By Glenn Kessler
Washington Post Staff Writer
Friday, June 30, 2006
MOSCOW, June 29 -- The official State Department version is that "there was absolutely no friction whatsoever" between Secretary of State Condoleezza Rice and Foreign Minister Sergei Lavrov during a meeting of foreign ministers in Moscow on Thursday.
But a recording of the ministers' private lunch, made when an audio link into the room was accidentally left on, showed that "Condi" and "Sergei" -- as they called each other -- had several long and testy exchanges over Iraq. The disputes concerned relatively minor wording changes in the five-page statement issued after the meeting, but grew out of basic differences between the two governments over how to proceed on Iraq.
The State Department's subsequent denial of tensions illustrates how officials manage the information that flows to the public from such closed-door meetings to create an image meant to advance foreign policy objectives. Reporters often have no independent account of such discussions.
At a time of rising tension in U.S.-Russian relations, the two diplomats sparred in sometimes tedious terms for more than 20 minutes over a handful of words in a document that is likely to be quickly forgotten. Other ministers jumped in to cool tempers by suggesting compromises.
During the meal -- the recording picks up the clinking of ice in glasses and the scratch of cutlery on plates -- Rice said she wanted to make a few "small points" about a draft statement prepared by lower-level officials. In particular, she said, she was seeking a stronger show of support for the nascent Iraqi government.
Lavrov demurred, suggesting the new leaders had not done enough to promote national reconciliation.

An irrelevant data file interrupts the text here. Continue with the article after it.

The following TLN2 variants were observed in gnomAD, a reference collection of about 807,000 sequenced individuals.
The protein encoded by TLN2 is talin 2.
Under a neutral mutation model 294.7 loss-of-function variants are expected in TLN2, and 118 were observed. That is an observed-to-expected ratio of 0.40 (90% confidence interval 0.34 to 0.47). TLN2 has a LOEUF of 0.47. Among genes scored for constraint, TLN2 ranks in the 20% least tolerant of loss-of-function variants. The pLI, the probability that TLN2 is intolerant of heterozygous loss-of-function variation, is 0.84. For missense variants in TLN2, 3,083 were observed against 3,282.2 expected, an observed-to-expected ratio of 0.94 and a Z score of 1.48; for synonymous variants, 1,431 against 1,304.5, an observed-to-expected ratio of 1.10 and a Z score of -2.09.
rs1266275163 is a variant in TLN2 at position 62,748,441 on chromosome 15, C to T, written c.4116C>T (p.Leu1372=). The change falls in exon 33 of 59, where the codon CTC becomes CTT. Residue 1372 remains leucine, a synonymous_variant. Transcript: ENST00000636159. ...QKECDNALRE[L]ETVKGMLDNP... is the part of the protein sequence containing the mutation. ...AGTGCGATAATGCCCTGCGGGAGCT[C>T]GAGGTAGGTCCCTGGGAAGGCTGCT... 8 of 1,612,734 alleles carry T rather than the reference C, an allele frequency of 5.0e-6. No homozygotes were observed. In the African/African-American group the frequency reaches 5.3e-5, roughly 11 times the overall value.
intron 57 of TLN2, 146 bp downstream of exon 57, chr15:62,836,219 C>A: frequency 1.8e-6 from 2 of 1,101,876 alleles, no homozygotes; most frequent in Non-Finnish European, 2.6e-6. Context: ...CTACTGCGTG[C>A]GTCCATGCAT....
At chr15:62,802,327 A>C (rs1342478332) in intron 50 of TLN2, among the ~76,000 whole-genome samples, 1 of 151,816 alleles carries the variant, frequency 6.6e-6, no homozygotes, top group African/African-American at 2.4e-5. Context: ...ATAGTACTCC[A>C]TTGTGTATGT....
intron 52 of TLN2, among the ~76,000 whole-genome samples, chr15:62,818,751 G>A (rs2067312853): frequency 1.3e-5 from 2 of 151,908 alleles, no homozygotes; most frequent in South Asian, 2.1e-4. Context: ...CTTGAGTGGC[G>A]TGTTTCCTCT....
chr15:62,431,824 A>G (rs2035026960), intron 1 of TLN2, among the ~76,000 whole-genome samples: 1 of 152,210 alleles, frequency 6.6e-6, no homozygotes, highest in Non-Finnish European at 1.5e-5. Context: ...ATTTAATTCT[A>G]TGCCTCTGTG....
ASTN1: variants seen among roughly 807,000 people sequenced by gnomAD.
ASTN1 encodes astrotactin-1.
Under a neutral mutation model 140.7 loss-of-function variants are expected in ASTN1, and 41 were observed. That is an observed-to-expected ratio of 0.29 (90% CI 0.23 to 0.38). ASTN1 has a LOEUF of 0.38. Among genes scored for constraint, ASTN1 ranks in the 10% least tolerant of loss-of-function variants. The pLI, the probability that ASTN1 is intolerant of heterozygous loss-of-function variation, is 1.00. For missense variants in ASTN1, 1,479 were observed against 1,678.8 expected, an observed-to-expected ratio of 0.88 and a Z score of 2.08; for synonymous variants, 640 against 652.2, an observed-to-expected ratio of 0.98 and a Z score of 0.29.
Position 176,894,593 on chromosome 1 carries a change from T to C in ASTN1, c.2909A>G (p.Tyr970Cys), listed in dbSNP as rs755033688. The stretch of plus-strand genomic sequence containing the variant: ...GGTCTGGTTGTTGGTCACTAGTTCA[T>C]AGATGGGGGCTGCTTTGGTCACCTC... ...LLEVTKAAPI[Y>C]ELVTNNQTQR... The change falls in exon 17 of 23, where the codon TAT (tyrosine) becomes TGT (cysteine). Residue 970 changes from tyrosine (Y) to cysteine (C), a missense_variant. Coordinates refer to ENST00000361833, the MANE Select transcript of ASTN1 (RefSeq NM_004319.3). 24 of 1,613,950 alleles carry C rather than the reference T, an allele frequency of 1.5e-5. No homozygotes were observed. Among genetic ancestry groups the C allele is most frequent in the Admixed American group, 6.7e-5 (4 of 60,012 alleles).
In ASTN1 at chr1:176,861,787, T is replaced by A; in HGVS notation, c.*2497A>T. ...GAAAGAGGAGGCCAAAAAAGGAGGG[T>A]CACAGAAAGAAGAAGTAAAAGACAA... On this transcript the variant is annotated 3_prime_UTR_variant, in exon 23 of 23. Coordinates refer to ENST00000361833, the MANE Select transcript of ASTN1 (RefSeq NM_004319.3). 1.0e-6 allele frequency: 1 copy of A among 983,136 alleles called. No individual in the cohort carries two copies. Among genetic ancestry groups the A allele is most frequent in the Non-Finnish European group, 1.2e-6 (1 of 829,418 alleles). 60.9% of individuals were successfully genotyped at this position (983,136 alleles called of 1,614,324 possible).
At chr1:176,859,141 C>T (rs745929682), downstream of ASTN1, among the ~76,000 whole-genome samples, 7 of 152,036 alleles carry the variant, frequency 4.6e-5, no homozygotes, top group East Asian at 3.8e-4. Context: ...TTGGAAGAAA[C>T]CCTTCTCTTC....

"I'm always a little bit sensitive about this on behalf of the Iraqis," Rice shot back. "Here we sit in Moscow or in Washington or in Paris telling them to make efforts on national accord when their brothers and sisters are being killed. I just think it's gratuitous."
Lavrov eventually gave ground, but then protested when Rice wanted to delete a sentence in a section regarding the killing of five Russian diplomats in Iraq.
"Urgent methods are being taken to provide security for diplomats," Rice said. The sentence "implies they are not being taken, and you know on a fairly daily basis we lose soldiers, and I think it would be offensive to suggest that these efforts are not being made."
Lavrov countered that the sentence was not intended to criticize but was "just a statement of fact, I believe."
"I don't believe security is fine in Iraq, and I don't believe in particular that security at foreign missions is okay," he said. He suggested shortening the sentence to emphasize "the need for improved security for diplomatic missions."
"Sergei, there is a need for improvement of security in Iraq, period," Rice said in a hard voice. "The problem isn't diplomatic missions. The problem is journalists and civilian contractors and, yes, diplomats as well."